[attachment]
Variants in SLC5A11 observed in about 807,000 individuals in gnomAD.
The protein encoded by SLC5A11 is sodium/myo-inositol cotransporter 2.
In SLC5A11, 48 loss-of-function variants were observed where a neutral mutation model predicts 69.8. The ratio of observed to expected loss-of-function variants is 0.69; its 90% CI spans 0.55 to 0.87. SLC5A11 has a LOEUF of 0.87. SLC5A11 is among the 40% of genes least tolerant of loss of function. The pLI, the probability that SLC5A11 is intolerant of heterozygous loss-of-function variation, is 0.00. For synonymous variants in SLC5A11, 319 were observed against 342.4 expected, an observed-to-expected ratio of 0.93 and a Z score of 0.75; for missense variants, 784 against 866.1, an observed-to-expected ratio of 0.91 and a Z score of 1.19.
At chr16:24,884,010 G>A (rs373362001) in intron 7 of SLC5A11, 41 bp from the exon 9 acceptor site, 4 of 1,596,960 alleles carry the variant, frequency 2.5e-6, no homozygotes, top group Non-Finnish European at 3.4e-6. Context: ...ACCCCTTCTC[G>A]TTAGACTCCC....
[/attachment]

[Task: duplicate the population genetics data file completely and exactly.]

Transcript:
Variants in SLC5A11 observed in about 807,000 individuals in gnomAD.
The protein encoded by SLC5A11 is sodium/myo-inositol cotransporter 2.
In SLC5A11, 48 loss-of-function variants were observed where a neutral mutation model predicts 69.8. The ratio of observed to expected loss-of-function variants is 0.69; its 90% CI spans 0.55 to 0.87. SLC5A11 has a LOEUF of 0.87. SLC5A11 is among the 40% of genes least tolerant of loss of function. The pLI, the probability that SLC5A11 is intolerant of heterozygous loss-of-function variation, is 0.00. For synonymous variants in SLC5A11, 319 were observed against 342.4 expected, an observed-to-expected ratio of 0.93 and a Z score of 0.75; for missense variants, 784 against 866.1, an observed-to-expected ratio of 0.91 and a Z score of 1.19.
At chr16:24,884,010 G>A (rs373362001) in intron 7 of SLC5A11, 41 bp from the exon 9 acceptor site, 4 of 1,596,960 alleles carry the variant, frequency 2.5e-6, no homozygotes, top group Non-Finnish European at 3.4e-6. Context: ...ACCCCTTCTC[G>A]TTAGACTCCC....